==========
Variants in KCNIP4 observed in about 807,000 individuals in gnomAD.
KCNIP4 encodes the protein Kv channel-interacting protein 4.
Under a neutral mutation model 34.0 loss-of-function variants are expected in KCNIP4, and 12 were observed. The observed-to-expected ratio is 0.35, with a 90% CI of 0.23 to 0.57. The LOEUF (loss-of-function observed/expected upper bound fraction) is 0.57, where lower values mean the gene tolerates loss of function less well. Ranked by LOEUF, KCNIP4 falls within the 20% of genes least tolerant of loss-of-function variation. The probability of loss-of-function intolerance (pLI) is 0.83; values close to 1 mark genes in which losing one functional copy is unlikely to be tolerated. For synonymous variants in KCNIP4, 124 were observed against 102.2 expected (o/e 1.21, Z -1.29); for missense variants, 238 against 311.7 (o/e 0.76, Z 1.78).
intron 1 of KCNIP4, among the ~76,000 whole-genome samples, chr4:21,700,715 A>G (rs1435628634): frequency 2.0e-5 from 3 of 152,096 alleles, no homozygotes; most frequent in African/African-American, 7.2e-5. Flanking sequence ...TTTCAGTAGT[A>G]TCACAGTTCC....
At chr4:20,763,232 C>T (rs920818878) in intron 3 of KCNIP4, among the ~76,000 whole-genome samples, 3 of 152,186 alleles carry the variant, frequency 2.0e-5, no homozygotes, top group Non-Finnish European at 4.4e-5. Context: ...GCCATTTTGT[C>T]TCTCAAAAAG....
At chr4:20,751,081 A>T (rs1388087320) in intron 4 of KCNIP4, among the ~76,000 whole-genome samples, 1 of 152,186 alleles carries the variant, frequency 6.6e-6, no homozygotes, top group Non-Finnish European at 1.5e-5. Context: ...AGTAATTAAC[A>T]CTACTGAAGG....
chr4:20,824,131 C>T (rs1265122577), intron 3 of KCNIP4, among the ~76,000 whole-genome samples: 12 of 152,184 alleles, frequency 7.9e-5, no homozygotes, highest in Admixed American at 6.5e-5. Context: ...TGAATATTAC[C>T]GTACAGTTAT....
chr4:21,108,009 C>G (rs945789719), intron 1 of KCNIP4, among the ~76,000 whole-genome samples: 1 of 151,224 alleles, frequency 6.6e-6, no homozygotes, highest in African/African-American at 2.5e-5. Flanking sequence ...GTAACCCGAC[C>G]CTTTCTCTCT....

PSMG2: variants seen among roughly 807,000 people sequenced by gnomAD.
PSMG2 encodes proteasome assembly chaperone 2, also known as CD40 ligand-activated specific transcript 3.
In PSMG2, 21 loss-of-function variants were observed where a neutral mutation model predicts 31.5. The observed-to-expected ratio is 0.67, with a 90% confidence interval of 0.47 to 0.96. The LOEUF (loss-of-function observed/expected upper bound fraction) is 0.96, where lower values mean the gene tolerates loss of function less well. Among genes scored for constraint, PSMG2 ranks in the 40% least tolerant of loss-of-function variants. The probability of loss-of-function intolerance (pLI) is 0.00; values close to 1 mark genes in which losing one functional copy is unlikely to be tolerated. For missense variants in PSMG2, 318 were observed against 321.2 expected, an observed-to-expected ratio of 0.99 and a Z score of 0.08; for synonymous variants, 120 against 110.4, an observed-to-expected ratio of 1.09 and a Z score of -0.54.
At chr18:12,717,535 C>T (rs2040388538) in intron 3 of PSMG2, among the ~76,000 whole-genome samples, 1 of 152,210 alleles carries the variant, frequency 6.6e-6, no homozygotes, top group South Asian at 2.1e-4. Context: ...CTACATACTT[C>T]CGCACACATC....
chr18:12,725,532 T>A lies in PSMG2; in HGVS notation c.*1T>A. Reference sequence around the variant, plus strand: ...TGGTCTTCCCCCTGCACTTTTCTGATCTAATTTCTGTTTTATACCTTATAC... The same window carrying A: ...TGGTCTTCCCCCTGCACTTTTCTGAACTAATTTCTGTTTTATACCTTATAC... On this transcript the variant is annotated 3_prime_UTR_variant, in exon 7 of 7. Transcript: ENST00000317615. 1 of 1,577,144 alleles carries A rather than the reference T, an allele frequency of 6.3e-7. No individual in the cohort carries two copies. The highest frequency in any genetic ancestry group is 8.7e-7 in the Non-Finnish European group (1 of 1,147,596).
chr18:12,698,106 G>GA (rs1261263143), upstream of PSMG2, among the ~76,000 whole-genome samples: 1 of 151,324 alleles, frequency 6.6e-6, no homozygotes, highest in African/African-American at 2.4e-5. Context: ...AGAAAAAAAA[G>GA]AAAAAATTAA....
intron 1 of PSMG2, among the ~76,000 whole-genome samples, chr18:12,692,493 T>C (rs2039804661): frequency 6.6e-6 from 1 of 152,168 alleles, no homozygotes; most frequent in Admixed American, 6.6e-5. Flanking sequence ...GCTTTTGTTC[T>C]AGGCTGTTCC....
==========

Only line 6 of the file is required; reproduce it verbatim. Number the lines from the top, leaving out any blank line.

At chr4:20,751,081 A>T (rs1388087320) in intron 4 of KCNIP4, among the ~76,000 whole-genome samples, 1 of 152,186 alleles carries the variant, frequency 6.6e-6, no homozygotes, top group Non-Finnish European at 1.5e-5. Context: ...AGTAATTAAC[A>T]CTACTGAAGG....